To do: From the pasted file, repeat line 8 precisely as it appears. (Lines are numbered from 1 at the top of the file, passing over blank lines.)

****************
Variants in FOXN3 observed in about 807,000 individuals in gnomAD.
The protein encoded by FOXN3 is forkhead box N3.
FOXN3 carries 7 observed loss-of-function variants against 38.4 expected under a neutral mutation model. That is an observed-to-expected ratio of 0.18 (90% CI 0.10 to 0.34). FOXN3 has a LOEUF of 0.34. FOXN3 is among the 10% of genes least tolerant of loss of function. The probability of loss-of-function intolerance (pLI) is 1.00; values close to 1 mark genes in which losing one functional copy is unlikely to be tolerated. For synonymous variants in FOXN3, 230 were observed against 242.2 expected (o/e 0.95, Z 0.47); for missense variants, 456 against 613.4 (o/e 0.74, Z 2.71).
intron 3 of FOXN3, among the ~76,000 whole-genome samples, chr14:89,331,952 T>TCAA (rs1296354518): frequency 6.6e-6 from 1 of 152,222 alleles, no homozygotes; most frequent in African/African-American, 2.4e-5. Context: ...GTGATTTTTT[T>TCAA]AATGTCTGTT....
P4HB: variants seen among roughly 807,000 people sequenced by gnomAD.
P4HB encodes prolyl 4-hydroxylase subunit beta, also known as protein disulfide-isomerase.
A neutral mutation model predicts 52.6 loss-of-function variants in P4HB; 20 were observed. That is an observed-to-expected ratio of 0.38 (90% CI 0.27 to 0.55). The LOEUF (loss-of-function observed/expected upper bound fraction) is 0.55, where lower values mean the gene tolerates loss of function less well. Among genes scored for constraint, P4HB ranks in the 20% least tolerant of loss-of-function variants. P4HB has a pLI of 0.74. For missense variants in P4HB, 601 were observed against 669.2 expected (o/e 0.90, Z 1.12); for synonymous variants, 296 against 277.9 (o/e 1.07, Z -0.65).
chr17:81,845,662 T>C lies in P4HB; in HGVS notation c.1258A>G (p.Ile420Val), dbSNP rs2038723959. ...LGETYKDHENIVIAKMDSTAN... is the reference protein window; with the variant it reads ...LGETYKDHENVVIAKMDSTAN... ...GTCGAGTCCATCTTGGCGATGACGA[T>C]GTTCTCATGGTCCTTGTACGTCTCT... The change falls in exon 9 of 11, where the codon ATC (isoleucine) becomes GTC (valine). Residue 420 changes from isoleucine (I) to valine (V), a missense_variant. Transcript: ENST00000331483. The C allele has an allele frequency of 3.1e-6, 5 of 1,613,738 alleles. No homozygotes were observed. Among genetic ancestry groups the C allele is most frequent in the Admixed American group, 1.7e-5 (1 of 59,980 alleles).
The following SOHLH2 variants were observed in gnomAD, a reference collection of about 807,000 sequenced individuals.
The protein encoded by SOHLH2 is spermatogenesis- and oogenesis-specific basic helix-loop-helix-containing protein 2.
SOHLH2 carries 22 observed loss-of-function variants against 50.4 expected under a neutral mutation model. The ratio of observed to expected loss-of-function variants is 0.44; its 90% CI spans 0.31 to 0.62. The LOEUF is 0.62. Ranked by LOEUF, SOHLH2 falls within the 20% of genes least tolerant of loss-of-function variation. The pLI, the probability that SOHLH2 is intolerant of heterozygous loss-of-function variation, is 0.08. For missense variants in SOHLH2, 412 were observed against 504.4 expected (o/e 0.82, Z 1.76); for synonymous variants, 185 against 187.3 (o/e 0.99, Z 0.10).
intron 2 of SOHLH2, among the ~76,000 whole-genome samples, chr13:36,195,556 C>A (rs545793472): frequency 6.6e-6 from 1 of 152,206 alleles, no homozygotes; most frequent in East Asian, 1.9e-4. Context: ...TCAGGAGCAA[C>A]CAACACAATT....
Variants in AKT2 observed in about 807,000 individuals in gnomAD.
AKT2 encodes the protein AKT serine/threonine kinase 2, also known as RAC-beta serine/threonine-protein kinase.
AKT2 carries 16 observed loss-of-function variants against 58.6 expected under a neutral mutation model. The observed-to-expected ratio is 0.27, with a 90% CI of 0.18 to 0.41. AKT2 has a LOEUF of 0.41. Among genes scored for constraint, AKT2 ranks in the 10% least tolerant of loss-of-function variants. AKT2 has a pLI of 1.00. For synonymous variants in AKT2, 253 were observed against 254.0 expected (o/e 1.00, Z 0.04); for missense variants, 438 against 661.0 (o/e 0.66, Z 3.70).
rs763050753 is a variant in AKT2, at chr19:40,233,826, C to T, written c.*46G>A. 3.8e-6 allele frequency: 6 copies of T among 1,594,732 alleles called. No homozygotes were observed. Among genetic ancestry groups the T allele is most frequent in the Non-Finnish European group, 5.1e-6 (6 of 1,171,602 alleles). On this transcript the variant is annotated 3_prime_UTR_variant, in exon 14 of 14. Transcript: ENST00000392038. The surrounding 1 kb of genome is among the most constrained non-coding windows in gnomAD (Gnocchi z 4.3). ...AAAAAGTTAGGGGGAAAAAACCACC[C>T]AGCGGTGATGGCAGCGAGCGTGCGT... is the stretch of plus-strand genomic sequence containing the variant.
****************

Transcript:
chr17:81,845,662 T>C lies in P4HB; in HGVS notation c.1258A>G (p.Ile420Val), dbSNP rs2038723959. ...LGETYKDHENIVIAKMDSTAN... is the reference protein window; with the variant it reads ...LGETYKDHENVVIAKMDSTAN... ...GTCGAGTCCATCTTGGCGATGACGA[T>C]GTTCTCATGGTCCTTGTACGTCTCT... The change falls in exon 9 of 11, where the codon ATC (isoleucine) becomes GTC (valine). Residue 420 changes from isoleucine (I) to valine (V), a missense_variant. Transcript: ENST00000331483. The C allele has an allele frequency of 3.1e-6, 5 of 1,613,738 alleles. No homozygotes were observed. Among genetic ancestry groups the C allele is most frequent in the Admixed American group, 1.7e-5 (1 of 59,980 alleles).